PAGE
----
What doesn't kill you makes you stronger, stand a little taller, right? Common Health blog begins a narrative post on one woman's burst-appendix survival with a warning that I'll repeat before going any further:
A perforated appendix can kill you. If you experience symptoms of appendicitis, particularly sharp pain in the lower right area of your abdomen, get prompt medical care.
Now, the story. WBUR’s news director, Martha Little, shares her experience with writer Carey Goldberg, who reports that treatment for appendicitis may be evolving from automatic emergency-room surgery to more nuanced and less invasive treatments. Little tells her story from the first instance of abdominal pain to entering a hospital. She writes:
I finally made it to the Brigham & Women’s emergency room, where I was told I would likely have the appendix taken out that night. But upon further examination, the surgeon and his resident told me that I could wait eight weeks for surgery, and meanwhile they would treat the infection with serious antibiotics.
Eight weeks!? “What,” I said, “would happen if the appendix burst?”
“It has already burst,” they said.
What? I thought people died when their appendix burst.
No, I was told. Not always.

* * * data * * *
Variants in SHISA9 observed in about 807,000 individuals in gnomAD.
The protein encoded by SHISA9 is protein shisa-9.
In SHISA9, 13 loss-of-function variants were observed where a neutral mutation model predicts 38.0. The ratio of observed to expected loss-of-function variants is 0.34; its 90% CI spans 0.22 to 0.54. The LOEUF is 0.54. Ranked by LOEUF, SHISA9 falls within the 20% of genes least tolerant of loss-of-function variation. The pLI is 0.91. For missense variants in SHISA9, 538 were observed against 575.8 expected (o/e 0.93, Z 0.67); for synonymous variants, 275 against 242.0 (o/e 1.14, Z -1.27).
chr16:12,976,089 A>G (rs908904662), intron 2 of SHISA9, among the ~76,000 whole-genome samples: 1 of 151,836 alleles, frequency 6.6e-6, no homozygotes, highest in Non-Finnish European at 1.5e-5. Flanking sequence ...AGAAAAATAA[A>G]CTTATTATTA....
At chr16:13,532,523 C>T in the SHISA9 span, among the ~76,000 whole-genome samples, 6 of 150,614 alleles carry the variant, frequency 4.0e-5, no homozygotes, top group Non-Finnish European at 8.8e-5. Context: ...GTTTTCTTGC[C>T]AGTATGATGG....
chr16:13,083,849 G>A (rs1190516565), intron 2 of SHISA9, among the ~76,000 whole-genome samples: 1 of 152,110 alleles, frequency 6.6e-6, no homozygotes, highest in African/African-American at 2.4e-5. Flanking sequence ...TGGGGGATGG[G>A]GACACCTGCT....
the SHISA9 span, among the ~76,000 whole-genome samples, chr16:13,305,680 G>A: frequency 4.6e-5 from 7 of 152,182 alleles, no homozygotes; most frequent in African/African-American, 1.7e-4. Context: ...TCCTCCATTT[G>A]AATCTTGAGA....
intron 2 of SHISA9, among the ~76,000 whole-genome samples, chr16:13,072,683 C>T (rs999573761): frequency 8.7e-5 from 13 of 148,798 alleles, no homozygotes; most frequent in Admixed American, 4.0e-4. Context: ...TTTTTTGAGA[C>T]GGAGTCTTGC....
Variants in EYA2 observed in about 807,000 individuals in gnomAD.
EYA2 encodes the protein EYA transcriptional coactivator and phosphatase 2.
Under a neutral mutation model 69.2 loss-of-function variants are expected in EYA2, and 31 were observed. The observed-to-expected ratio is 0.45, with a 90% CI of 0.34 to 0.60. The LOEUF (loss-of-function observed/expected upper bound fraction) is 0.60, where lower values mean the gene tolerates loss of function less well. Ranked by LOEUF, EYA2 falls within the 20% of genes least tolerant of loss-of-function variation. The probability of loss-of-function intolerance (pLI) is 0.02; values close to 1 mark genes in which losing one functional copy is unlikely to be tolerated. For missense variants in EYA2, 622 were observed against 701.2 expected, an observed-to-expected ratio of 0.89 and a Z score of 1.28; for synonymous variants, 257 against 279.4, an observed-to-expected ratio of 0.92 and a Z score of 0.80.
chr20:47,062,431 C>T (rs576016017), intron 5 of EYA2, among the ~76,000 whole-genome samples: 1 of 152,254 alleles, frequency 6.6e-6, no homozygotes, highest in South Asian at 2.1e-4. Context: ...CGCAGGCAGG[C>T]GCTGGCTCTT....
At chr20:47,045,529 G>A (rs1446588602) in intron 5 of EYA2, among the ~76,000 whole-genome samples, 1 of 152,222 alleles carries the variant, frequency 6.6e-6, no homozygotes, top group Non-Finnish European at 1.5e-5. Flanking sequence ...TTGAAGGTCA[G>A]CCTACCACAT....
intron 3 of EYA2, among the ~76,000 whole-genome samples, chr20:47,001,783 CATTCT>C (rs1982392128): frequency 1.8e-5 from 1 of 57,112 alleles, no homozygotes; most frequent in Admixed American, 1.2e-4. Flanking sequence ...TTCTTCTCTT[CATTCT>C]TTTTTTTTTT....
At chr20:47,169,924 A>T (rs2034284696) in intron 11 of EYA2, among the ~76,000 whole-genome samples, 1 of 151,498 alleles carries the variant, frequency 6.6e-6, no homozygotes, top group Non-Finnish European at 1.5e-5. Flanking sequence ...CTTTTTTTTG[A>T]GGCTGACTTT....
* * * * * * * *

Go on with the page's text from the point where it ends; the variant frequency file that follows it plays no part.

The body, they explained, has a way of “walling off” the perforated appendix so that the infection doesn’t spread.
Here’s the good news for patients like Martha: The appendix is surrounded by other structures, mostly the intestine, and so, as she was told, the seepage can get “walled off.” One theory, [Douglas Smink, MD, MPH, program director of the general surgery residency program at Brigham & Women’s Hospital ] said, is that a somewhat mobile layer of visceral fat called the omentum — nicknamed “the policeman of the abdomen” — could be drawn toward areas of inflammation to contain infection. So a patient can end up with a pus-filled abscess outside the appendix, covered partially by the omentum.
Still, why not just operate and get rid of the problem? It’s not so simple. An area rife with inflammation is hard for surgeons to work with, Dr. Smink said, and an appendectomy could end up turning into removal of part of the intestine and colon as well.
So the idea is to give the patient antibiotics to fight the infection, wait as the inflammation subsides and then do an “interval appendectomy,” after the waiting interval.
It should be noted that some research has shown that for some cases of uncomplicated appendicitis, with the appendix still intact, antibiotic treatment may be an effective alternative to surgery.
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